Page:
What Is Lifestyle Inflation and Why Should I Avoid It?

Date posted: Nov. 11, 2016
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Photo Credit: Nicolai Berntsen

 

Tell me if this scenario sounds familiar:

You start out as a young adult with no money, a low paying job, and few possessions.

If you’re lucky, you have an old vehicle, and most of the furniture in your small apartment is either from a thrift shop or made of milk crates.

It’s a stark existence, but eventually, you earn a promotion at work, and you earn a little more money.

With this extra cash coming in you decide it is time to upgrade your lifestyle. Perhaps you’ll buy a new car, move into a nicer apartment, or purchase better quality furniture. Maybe you’ll do all three.

This is called lifestyle inflation, and it can be a financial trap.

While the scenario I described above sounds innocent, when extrapolated over the course of your working life, lifestyle inflation can easily get out of hand. It can hinder your ability to save for your future, force you to continue working in a job you hate, and even leave you financially vulnerable in the event of illness.

For these reasons, lifestyle inflation is best avoided or at least kept under tight control. While a certain amount of lifestyle inflation is healthy, it’s important not to let your lifestyle inflate too much. Yes, you want to be comfortable, but you also need to leave room in your budget to save money, pay off debt, and invest for your future.

There are much better things to do with your money than use it to inflate your lifestyle. Here are some of the things I do with my money, instead of spending it.

First, I invest for my future. I’d like to retire someday, so I make sure to send a healthy portion of my income towards retirement every month. You can do the same by avoiding lifestyle inflation sending your money towards your retirement instead.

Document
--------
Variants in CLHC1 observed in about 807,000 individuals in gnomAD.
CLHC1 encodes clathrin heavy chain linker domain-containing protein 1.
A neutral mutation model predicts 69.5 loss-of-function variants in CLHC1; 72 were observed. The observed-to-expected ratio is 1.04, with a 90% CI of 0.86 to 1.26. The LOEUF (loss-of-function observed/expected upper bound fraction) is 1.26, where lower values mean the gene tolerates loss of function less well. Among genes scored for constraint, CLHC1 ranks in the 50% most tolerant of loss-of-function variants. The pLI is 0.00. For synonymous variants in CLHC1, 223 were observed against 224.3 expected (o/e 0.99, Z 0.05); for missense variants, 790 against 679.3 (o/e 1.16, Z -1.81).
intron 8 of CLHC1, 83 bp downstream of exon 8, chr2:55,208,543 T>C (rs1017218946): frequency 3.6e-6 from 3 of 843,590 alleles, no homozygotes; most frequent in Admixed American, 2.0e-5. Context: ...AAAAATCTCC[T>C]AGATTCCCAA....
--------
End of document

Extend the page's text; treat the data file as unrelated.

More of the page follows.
For example, if you save $700 per month towards retirement starting at age 30 and invest it at an average rate of return of 5%, you’ll end up with $758,690.58 at retirement.

Second, by avoiding lifestyle inflation and keeping expenses low, you can work by choice, not because you have to pay for an expensive way of life. For example, as my income has increased over the years, I have opted to save more and more of it instead of spending it. As a result, my husband and I can live comfortably on 50% of our income.

Saving 50% of my family's income has benefits. If one of us decides that we just can’t stand working any longer, we can quit without having another job lined up. If one of us becomes ill, we can rest assured that we'll stay financially afloat on one income.

Avoiding lifestyle inflation has many benefits, but how do you do it? There are two primary strategies that I’ll outline below:

The first and easiest way to avoid lifestyle inflation is to save your raises. When you receive a raise at work, instead of considering all of the ways you could spend that extra income, plan how you are going to make that money work for you by saving it.

Personally, whenever I receive a raise I first increase my retirement contributions, then send the rest into regular savings. Keeping my raises prevents me from using the money to rent a more expensive apartment or upgrade my car.

If you are currently living a very deflated lifestyle and would like to improve your living situation slightly, then saving 100% of your raises won’t work for you.

Instead, you could commit to saving a set portion of your income.

For example, let’s assume you earn $2,000 per month, and you are committed to saving 30% of your income. That means every month you’ll save $600 and you’ll have $1,400 left over to spend.

If you land a new job where you earn $2,300, and you stay committed to saving 30% of your income, you’ll save $690 and have $1,610 left over to spend. Saving a portion of your income allows a certain amount of lifestyle inflation within a reasonable amount while still keeping plenty of money in the bank.

Above all else, the best way to avoid lifestyle inflation is to be content with your way of life. Learning contentment is probably the hardest part of lifestyle inflation avoidance to master, but it is the most important. If you are always plotting to buy the newest car, a nicer home, or the latest electronics, you are more likely to stay on the consumption treadmill.

The best way to avoid longing for consumer items is to decrease your exposure to them. That means not watching commercials, reading magazines or subscribing to sales alerts reminding you that you don’t have the latest iPhone. It takes practice to master this skill, but learning to be content with “enough” will make you happier and more financially prosperous.

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